“I feel like if [home fire sprinklers were] mandatory, it would save a lot of lives,” O’Neal told a CBS station in Texas. “It would have been a big aid that day in putting the fire down enough until the fire department could get it control. It might not have got so far out of hand.”
His son was one of about 150 Texans who die every year from home fires. A powerful force there is spending serious dollars preventing, what some believe, is the answer to end future fire deaths. According to a report by the National Institute on Money in State Politics underscored by the CBS station, Texas homebuilders and realtors have spent more than $24 million lobbying against home fire sprinklers. In Texas, jurisdictions are unable to enact any new fire sprinkler ordinances.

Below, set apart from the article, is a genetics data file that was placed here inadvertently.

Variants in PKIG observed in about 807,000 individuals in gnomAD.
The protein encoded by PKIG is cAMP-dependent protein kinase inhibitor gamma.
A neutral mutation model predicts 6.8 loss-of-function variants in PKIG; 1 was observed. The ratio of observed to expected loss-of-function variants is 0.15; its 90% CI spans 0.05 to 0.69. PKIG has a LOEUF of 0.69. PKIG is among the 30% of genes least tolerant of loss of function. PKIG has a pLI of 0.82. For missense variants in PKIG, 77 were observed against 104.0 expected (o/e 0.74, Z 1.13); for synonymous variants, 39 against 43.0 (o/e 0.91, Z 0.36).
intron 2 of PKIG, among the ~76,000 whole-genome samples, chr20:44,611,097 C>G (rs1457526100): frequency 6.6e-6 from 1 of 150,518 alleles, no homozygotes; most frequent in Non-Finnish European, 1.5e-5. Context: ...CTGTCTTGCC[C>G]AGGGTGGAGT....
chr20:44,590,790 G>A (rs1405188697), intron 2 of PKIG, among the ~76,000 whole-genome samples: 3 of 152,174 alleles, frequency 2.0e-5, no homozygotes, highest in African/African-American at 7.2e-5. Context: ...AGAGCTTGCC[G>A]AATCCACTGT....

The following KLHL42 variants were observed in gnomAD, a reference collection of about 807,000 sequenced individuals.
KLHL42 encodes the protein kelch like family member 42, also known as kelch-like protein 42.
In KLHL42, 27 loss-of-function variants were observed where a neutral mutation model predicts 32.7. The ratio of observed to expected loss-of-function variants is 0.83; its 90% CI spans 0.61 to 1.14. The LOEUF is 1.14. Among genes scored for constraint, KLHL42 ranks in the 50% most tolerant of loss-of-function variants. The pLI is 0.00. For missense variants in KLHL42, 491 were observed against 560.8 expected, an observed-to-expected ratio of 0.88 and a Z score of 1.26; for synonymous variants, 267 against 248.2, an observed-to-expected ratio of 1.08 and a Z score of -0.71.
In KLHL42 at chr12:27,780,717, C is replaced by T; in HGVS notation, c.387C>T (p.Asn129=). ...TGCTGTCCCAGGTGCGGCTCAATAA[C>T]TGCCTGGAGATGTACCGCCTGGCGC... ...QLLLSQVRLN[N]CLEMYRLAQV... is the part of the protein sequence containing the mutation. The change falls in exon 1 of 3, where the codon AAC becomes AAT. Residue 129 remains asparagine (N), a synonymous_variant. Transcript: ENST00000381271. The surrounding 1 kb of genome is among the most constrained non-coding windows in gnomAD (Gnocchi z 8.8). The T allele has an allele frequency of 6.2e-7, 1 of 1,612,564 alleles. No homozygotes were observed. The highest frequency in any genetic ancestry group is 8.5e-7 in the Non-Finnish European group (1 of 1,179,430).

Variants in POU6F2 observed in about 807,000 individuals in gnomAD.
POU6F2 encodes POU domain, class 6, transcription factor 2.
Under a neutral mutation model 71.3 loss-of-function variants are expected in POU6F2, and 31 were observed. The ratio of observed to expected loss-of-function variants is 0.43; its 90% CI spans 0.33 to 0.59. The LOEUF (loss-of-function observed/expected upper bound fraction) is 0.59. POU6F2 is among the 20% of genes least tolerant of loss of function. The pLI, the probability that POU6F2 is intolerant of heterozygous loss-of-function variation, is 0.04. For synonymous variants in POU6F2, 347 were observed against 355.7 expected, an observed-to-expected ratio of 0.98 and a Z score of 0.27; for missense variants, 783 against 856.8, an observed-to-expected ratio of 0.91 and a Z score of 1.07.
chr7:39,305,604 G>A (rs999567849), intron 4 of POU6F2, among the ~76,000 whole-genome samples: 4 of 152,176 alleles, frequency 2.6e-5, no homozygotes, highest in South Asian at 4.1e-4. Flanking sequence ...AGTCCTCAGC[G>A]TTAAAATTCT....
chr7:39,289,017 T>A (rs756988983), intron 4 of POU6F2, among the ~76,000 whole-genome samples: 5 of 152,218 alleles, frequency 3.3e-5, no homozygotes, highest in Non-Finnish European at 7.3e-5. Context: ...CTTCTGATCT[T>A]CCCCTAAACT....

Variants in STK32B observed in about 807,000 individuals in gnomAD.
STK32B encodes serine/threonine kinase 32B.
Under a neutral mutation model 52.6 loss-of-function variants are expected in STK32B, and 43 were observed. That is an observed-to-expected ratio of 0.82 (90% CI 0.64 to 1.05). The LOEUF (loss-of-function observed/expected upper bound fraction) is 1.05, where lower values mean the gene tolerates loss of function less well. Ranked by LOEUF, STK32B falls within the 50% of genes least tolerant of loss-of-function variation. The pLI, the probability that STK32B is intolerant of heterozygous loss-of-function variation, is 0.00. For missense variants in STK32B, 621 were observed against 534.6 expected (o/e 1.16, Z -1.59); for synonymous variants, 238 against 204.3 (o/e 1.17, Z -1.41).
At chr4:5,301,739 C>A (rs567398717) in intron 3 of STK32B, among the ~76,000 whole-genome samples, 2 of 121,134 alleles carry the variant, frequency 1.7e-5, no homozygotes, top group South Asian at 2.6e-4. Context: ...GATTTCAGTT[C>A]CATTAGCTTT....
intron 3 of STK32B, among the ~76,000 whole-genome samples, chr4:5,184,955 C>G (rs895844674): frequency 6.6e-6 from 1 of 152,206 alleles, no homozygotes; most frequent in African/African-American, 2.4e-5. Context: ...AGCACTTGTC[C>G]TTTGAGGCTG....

The president of the Dallas Builders Association stated that fire sprinklers would price 20,000 homeowners out of a home. The news report does not indicate how that figure was derived. However, Chris Connealy, the Texas State Fire Marshal and member of the Texas Fire Sprinkler Coalition, has based his support for sprinklers on sound data.
"The statistics tell the story," he told CBS. "No one has died in a sprinklered occupancy in Texas."